I’ve been going to these snow cabins to ski—just getting out of my house into a remote area ideally with heat, light, and electricity. Last October, I rented this cabin sorta past Mount Rainier, and I was just in this cabin by myself doing a lot more reading and painting. I didn’t do any music writing, I was just removing myself—which is what a lot of people do creatively when they can just get into a quiet space without any Internet connection. So those things definitely help with easing the depression.

You mentioned the lack of Internet connection. Do you feel like social media has an impact on your mental well-being, especially in this news cycle we’re in?

Yes, absolutely. I was always an NPR addict, I would always turn on NPR first thing in the morning and listen to it all day. And I knew it was not helpful to my mental well-being, and sometimes I’d try just to listen to music. Since the election, I’ve stopped listening to NPR completely. I haven’t listened to it since November. I think it’s useful helpful for me not to do that. I’ve also stopped checking Huffington Post, which I was also checking way too much. But I’m still addicted to Facebook and Instagram, spending way too much time on those things. And it’s a balance, because those things are needed for creative outlets. You post a painting, you post a song, you get people to like it. So it gets stuff out there But there’s a huge amount of time wasted by looking into other people’s lives, wondering what everybody else is doing, and hoping that they look at your life and they think your life is interesting—all these elements of the social media world.

In terms of releasing of music—what drives you to do that? What’s your goal with this album? I was listening to “Please Don’t Step on My Flower Bed,” and the line, “I should start acting my age” leapt out at me. With the phases that you have been going through in your life, it seems like you’ve been ascending towards adulthood. I feel like that line really grabs it.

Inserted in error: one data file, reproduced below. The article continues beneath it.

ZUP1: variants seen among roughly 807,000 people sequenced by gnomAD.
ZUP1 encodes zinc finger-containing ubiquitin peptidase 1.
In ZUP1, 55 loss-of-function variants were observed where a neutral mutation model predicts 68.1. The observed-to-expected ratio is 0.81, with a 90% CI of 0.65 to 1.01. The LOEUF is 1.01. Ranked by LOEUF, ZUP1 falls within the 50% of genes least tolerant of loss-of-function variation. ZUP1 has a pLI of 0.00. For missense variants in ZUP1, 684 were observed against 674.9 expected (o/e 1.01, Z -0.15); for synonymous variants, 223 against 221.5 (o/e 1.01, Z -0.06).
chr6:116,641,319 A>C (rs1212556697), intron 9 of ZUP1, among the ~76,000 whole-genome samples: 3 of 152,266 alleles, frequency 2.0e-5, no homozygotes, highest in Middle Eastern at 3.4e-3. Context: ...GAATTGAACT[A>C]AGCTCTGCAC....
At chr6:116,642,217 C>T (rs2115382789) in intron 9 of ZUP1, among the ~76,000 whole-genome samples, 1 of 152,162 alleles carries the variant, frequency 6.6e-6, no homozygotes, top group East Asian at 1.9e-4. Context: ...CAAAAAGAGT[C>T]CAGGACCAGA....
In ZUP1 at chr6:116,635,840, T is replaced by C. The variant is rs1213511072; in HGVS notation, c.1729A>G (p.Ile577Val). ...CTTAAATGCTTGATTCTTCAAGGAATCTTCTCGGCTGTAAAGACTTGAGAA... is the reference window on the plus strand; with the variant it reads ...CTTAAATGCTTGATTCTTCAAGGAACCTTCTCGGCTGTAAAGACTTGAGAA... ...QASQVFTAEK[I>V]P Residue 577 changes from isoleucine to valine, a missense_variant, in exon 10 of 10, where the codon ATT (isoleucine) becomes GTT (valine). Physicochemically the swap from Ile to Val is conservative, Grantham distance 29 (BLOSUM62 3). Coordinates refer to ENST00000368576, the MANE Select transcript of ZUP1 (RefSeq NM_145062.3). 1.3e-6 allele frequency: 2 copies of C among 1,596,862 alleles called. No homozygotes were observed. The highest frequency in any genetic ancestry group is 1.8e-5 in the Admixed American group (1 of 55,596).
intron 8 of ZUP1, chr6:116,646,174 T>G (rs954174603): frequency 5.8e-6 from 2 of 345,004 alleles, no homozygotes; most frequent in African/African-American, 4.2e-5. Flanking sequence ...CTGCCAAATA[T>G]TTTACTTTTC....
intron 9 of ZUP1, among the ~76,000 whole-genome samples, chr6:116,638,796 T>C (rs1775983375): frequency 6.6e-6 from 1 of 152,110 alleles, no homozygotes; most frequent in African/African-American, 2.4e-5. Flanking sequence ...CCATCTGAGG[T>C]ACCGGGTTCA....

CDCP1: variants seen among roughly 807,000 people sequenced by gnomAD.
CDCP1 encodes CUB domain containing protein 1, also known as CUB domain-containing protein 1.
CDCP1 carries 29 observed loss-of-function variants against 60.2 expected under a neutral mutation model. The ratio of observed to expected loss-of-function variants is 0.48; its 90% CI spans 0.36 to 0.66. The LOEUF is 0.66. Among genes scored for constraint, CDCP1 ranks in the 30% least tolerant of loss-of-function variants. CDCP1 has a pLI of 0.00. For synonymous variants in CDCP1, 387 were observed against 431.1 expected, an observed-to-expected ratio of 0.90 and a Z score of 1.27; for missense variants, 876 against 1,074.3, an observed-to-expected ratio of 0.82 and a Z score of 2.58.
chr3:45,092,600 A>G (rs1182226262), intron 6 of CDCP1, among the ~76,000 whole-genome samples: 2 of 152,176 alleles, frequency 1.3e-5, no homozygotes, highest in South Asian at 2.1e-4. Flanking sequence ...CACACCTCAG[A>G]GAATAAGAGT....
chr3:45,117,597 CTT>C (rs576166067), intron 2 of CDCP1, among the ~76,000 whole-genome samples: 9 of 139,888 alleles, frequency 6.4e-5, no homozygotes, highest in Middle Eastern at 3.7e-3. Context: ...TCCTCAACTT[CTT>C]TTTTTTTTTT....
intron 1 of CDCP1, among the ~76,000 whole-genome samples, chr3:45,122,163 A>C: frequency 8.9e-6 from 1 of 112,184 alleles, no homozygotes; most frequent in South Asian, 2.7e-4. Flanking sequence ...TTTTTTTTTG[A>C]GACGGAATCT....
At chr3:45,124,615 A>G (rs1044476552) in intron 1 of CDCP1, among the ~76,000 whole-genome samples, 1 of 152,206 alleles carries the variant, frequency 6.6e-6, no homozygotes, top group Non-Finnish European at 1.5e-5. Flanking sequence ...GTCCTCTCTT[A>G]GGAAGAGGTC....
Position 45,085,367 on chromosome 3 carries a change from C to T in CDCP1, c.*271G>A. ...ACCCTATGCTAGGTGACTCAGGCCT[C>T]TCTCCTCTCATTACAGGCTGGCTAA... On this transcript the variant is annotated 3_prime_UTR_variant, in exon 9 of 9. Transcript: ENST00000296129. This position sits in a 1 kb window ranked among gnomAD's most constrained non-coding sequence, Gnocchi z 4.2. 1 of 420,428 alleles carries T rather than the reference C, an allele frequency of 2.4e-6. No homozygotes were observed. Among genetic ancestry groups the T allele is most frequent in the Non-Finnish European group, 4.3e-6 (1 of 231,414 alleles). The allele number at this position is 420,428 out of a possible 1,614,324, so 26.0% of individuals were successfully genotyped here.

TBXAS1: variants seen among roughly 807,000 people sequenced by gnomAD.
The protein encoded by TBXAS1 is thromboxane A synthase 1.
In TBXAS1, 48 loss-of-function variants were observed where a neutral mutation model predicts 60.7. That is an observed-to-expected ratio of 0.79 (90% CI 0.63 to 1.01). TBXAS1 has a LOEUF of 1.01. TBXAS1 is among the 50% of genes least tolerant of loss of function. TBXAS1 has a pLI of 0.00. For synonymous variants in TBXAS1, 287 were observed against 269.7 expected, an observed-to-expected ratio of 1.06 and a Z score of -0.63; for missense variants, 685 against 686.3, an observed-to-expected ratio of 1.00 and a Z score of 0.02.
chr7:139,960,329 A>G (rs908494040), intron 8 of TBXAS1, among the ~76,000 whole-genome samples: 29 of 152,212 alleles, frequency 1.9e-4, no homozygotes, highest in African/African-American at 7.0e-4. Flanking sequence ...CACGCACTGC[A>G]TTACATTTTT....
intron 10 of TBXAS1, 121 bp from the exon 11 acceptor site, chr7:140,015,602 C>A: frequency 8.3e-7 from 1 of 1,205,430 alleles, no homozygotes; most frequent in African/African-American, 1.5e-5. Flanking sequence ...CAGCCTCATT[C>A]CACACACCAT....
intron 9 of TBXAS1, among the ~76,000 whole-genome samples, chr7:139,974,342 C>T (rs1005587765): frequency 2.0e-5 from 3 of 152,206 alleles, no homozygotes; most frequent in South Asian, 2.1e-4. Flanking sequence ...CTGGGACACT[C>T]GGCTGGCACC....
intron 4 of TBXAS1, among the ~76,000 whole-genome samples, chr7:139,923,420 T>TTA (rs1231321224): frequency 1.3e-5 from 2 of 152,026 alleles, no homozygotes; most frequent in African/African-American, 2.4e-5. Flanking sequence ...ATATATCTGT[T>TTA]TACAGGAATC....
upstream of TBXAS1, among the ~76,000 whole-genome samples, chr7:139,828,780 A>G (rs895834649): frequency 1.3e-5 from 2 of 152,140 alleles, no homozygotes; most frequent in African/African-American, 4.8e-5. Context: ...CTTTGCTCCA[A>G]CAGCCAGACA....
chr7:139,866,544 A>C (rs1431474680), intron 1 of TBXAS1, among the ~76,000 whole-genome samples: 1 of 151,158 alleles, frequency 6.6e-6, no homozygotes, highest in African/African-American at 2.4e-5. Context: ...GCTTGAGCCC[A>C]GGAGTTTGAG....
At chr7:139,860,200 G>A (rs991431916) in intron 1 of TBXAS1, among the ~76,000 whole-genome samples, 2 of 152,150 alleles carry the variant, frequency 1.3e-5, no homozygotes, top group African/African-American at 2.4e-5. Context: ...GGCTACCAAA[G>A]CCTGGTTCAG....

Well, there were about seven or eight songs that I had written probably starting in 2010, maybe ‘11, that I never gotten properly recorded. I just really wanted to record them and get them finalized, so I could at least cross that off my checklist—‘cause they’ve kind of been hanging over my head for years and years. But I also felt very stagnant these past couple years, not releasing any music. It really seemed like no one really cared about the art. But in order for my own mental well-being, I needed to finish this project for myself.

There’s a line in another song that will probably be on the next EP: ‘Schedules and jobs keep my friends busy and secure.’ It’s the struggle between creative pursuits and being a creative person and not having some sort of adult career. That’s always going to be a struggle. And I’ve always felt, going through my teens and 20s, that I was just really suited for that life. I wasn’t super happy-go-lucky, I still felt the artist’s malaise or depression. But now in my 30s All these friends of mine seem to have transitioned into adulthood better. They’re in long-term serious relationships, a lot of them have kids, all these other things. And I still feel like I’m a 26-year-old, kind of floundering, with nothing really super steady, trying to balance these interests in my life. So many people give up their art and their creative endeavors. They get busy with full-time jobs, they get busy with relationships, or their kids, and they stop making stuff. I’m always struggling with those questions when I’m making something: Who cares about this thing? Do you need someone else’s approval for this thing that you’re making? Can you just make it for yourself?

Do you feel ready to be an adult?

No, I don’t feel ready at all. I was brought up [with] lower middle-class parents [who] just never had an emphasis on money, material things, and I’ve been able to survive on very little money-ish. Just very Bohemian. Society has kind of always told everyone, ‘You’re supposed to have a career and have a 40-hour job, get married and have kids.’ And I do want to have kids and a serious relationship. I guess I wonder: Can you live this vagabond Bohemian life and have a serious relationship and have kids?

Nilina Mason-Campbell

%d bloggers like this: